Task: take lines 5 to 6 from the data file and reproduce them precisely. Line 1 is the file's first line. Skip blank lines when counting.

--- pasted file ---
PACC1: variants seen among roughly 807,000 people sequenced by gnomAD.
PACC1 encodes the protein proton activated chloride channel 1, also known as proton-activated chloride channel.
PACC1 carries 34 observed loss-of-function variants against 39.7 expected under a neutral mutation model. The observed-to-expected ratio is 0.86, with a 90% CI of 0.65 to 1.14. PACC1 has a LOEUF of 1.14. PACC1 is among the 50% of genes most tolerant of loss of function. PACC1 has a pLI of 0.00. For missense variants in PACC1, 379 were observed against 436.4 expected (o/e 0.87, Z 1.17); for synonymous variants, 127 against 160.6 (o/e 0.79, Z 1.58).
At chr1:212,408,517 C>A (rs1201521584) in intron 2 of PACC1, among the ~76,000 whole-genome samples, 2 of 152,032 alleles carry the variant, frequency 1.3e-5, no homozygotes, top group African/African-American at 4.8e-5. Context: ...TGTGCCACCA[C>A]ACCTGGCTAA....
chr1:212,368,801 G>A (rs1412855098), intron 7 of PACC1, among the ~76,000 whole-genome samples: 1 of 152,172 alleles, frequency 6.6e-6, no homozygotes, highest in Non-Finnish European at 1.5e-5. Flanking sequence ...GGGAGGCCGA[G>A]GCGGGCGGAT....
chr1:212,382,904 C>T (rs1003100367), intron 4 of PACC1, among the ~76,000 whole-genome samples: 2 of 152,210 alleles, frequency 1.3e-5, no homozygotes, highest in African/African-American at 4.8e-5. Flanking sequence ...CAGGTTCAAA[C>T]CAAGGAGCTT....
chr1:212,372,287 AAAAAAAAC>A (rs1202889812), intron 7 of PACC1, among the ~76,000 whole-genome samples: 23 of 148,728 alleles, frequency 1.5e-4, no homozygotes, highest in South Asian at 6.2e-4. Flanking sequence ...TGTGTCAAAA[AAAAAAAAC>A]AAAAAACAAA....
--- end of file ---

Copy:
chr1:212,368,801 G>A (rs1412855098), intron 7 of PACC1, among the ~76,000 whole-genome samples: 1 of 152,172 alleles, frequency 6.6e-6, no homozygotes, highest in Non-Finnish European at 1.5e-5. Flanking sequence ...GGGAGGCCGA[G>A]GCGGGCGGAT....
chr1:212,382,904 C>T (rs1003100367), intron 4 of PACC1, among the ~76,000 whole-genome samples: 2 of 152,210 alleles, frequency 1.3e-5, no homozygotes, highest in African/African-American at 4.8e-5. Flanking sequence ...CAGGTTCAAA[C>T]CAAGGAGCTT....